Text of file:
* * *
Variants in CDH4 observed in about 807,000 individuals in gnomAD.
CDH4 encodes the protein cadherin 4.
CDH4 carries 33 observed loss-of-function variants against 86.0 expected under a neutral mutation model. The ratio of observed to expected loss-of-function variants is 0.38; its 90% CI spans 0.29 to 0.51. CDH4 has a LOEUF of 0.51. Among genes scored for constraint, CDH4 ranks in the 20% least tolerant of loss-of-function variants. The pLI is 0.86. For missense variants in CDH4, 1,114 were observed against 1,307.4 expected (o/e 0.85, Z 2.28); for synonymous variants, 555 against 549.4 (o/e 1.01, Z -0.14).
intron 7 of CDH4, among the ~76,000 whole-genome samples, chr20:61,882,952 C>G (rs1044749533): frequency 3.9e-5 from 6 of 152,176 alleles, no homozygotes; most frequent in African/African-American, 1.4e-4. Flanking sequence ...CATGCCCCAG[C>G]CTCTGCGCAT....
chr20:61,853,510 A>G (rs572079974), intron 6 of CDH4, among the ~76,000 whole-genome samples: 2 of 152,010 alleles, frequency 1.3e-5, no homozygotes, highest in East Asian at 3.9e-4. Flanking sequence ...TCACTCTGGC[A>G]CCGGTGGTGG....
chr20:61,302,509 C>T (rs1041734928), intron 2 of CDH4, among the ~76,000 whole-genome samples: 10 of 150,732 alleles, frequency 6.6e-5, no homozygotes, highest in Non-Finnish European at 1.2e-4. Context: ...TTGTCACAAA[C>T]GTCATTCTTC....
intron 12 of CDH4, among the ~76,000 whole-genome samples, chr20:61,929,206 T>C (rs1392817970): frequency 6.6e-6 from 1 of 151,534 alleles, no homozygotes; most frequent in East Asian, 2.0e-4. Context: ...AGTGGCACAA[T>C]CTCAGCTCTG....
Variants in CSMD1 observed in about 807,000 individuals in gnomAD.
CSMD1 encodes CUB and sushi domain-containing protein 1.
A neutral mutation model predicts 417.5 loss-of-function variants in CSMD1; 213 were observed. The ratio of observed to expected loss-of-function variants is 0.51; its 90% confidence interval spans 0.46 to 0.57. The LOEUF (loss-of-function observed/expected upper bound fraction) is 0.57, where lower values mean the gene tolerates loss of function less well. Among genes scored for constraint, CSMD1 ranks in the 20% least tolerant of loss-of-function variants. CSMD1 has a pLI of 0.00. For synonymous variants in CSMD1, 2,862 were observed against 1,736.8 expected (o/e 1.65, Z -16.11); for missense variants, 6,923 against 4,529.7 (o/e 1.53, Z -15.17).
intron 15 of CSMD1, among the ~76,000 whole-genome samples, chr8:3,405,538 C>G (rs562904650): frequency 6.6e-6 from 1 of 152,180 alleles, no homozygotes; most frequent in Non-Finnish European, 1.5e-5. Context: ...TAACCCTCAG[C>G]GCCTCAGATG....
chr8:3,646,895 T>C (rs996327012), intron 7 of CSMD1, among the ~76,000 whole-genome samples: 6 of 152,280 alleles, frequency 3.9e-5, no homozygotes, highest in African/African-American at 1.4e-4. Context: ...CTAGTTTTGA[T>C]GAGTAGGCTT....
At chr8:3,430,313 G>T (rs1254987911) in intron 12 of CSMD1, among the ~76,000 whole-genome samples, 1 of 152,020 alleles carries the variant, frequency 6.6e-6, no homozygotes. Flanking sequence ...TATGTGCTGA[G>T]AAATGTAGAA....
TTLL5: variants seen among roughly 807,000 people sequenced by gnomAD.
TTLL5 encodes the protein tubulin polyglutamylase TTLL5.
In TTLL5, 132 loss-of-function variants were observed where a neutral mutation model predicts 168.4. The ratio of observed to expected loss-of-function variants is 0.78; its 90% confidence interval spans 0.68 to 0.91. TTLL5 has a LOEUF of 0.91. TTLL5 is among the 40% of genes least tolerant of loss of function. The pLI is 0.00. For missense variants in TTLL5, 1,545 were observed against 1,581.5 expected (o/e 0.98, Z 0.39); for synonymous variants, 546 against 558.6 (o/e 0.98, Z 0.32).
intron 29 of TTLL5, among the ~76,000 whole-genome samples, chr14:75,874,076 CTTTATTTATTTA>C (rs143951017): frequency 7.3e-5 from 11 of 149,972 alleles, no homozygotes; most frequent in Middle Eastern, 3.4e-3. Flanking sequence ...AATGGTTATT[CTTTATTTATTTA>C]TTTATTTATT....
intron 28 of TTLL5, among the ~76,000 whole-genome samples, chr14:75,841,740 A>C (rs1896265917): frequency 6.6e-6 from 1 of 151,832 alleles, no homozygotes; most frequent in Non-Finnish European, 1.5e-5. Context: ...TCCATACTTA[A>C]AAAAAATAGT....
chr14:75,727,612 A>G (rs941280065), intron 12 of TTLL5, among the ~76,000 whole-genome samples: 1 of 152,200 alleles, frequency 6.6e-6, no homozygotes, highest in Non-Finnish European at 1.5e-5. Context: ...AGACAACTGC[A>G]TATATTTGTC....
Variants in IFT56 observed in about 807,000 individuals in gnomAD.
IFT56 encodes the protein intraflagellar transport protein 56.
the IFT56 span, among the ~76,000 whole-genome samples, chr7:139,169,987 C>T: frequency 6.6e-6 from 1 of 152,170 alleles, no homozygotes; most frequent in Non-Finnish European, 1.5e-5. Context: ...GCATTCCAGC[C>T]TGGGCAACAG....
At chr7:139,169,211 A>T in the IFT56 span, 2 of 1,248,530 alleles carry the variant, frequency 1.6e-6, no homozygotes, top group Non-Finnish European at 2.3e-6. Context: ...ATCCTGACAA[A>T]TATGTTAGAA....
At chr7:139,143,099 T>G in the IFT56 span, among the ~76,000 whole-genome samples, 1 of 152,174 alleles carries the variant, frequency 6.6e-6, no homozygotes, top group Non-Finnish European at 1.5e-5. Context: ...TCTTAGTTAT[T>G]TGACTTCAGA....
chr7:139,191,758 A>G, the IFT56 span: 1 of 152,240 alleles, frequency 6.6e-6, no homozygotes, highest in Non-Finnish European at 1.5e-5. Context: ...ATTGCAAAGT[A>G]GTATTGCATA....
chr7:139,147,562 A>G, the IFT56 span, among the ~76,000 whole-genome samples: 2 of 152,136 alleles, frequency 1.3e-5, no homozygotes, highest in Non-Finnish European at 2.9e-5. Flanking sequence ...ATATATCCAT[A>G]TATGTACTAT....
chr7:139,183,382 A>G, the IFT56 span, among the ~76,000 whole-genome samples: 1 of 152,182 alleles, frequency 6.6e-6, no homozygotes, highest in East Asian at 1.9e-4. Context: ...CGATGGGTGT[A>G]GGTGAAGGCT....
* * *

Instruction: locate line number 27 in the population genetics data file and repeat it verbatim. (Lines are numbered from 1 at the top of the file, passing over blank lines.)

chr7:139,183,382 A>G, the IFT56 span, among the ~76,000 whole-genome samples: 1 of 152,182 alleles, frequency 6.6e-6, no homozygotes, highest in East Asian at 1.9e-4. Context: ...CGATGGGTGT[A>G]GGTGAAGGCT....